A Voter Purge? - 27 East


Southampton Press / Opinion / Letters / 1688872

A Voter Purge?

Many of our part-time residents move away for the winter and forward mail to their winter homes. This may have resulted in removal from active local voter rolls.

This year, our federal primary in New York is scheduled for April 28. By law, the Board of Elections has to send out “verification of registration” cards, which cannot be forwarded. This must occur 65 to 70 days prior to the primary. Thus, the cards were sent out in January and February. That is when “snowbird” residents might be away and have temporarily changed their addresses.

The BOE is supposed to be notified of the change of address, but they may not have been advised that the change was temporary. The BOE may therefore assume that the voter has moved — and thus the voter is deleted from the active rolls.

It can happen that the U.S. Postal Service does not properly notify Suffolk County BOE on temporary changes of address. So, when a person tells the post office to “forward my mail to a temporary address for six months,” the USPS apparently tells the Suffolk BOE that the person has moved, ignoring the temporary status. Suffolk BOE gets a notice that the person has moved and therefore suspends the registration and sends a card to the voter asking for verification. If voter gets the card and returns it, he/she can preserve registration; but if the card gets lost, the voter is inactivated.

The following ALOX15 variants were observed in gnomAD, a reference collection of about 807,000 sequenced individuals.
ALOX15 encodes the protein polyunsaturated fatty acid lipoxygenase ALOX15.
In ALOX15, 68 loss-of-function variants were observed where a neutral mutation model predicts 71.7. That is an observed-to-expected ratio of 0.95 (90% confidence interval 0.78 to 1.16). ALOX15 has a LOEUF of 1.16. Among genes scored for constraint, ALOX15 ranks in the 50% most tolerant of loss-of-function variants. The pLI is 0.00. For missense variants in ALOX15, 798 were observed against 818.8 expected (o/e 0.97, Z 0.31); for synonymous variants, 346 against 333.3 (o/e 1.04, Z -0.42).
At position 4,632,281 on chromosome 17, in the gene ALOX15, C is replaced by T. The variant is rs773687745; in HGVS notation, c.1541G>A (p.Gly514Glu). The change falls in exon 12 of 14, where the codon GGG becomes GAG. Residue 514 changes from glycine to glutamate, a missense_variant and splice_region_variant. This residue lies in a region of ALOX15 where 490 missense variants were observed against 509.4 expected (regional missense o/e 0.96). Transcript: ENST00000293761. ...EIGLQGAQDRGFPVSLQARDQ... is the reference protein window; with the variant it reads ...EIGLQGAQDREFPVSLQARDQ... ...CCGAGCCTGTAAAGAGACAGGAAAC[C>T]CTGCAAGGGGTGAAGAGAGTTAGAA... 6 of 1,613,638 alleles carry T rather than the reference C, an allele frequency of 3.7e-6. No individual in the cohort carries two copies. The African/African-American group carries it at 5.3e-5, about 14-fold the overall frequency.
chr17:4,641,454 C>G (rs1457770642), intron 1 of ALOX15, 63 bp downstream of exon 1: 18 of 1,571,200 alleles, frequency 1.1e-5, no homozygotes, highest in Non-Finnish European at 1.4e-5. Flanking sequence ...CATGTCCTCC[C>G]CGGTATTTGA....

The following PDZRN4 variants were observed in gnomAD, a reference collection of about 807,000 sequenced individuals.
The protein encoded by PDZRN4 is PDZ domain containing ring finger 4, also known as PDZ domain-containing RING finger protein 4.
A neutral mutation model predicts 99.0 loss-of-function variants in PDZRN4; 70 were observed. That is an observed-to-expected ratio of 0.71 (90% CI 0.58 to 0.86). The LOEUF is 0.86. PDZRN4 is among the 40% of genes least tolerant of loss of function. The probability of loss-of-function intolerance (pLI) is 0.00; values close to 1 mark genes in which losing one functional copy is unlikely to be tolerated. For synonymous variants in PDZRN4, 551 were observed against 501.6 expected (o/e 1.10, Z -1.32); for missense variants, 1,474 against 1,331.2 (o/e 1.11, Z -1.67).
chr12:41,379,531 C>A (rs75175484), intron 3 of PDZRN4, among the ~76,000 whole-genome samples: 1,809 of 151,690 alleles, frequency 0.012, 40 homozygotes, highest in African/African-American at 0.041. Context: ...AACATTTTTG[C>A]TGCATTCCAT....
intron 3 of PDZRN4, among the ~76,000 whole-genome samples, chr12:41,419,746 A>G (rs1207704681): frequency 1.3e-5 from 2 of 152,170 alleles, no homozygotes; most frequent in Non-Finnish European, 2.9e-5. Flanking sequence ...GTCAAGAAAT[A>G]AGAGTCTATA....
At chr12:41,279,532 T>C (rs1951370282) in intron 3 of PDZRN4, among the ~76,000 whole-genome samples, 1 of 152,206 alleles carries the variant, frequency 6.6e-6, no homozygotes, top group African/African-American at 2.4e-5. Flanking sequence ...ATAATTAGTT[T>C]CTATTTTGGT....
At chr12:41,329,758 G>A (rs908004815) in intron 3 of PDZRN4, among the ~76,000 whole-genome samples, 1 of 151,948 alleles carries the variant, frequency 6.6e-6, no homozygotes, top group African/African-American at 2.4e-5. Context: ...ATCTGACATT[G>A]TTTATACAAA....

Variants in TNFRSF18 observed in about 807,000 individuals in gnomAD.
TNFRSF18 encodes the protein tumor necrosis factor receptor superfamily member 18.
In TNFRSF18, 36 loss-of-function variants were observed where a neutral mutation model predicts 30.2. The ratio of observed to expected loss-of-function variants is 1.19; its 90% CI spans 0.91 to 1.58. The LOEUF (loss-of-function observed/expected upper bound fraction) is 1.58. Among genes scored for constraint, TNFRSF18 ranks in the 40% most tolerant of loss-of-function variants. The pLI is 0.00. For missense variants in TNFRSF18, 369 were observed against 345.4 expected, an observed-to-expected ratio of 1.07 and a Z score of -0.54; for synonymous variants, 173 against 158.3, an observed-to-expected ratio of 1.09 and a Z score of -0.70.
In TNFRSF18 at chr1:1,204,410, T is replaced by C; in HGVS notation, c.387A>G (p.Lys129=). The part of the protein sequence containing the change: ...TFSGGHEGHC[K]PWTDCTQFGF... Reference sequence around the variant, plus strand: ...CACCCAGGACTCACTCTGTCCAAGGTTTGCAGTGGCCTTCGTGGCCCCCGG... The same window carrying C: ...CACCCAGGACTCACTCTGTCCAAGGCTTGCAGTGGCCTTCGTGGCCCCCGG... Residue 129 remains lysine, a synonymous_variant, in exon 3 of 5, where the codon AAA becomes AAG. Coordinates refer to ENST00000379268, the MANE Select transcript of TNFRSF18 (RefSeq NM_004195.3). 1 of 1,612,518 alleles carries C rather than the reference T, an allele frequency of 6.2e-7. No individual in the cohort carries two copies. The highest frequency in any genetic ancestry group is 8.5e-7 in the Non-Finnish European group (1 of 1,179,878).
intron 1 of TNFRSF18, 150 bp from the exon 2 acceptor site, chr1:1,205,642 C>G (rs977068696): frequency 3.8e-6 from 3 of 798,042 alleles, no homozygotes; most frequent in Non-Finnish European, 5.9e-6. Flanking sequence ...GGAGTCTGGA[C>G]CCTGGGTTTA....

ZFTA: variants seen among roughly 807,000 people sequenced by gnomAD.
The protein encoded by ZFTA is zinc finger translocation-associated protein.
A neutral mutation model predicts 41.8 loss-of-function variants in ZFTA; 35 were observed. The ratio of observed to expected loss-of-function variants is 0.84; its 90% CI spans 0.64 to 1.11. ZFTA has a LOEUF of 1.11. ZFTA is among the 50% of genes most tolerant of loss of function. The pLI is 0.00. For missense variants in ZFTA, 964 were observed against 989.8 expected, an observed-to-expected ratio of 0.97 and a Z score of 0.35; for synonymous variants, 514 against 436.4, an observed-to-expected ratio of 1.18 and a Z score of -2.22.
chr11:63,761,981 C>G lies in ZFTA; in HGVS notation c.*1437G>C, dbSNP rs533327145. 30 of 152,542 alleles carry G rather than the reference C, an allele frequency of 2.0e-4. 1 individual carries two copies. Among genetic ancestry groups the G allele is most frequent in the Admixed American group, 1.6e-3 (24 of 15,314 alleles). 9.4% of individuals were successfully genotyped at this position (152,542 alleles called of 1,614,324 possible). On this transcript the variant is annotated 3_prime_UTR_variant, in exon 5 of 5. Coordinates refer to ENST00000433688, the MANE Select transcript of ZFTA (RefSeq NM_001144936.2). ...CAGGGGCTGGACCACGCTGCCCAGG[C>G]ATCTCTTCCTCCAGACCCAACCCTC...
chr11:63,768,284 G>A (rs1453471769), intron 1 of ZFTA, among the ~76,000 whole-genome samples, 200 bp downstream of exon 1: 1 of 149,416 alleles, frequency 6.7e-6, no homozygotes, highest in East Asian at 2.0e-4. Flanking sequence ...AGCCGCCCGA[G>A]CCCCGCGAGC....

Voters deleted from the rolls can still vote by affidavit at their polling place on Election Day. But they will depend on the BOE accepting the affidavit, and, hopefully, their voter registration can be reactivated.

If voters want to get back on the active rolls before Election Day, there are two possibilities:

1) After the original verification card, the BOE sends out a second notice, which is forwardable, and it says that the BOE has been notified of the move. This second notice should include a self-addressed postcard where a voter may check a box noting that they haven’t moved. They can return the postcard and then be reactivated.

However, it is unclear whether all voters who may have temporarily moved have, in fact, been sent this “second chance” notice.

2) If a voter did not receive that notice, he or she can send in a new voter registration form by April 3 and be reactivated.

Voters may check to see if they are still on the active voter rolls by contacting the New York State Board of Elections: Voter Registration and Poll Site Search.

Voting is perhaps the single most effective political action many of us can take.

James Ewing

Water Mill


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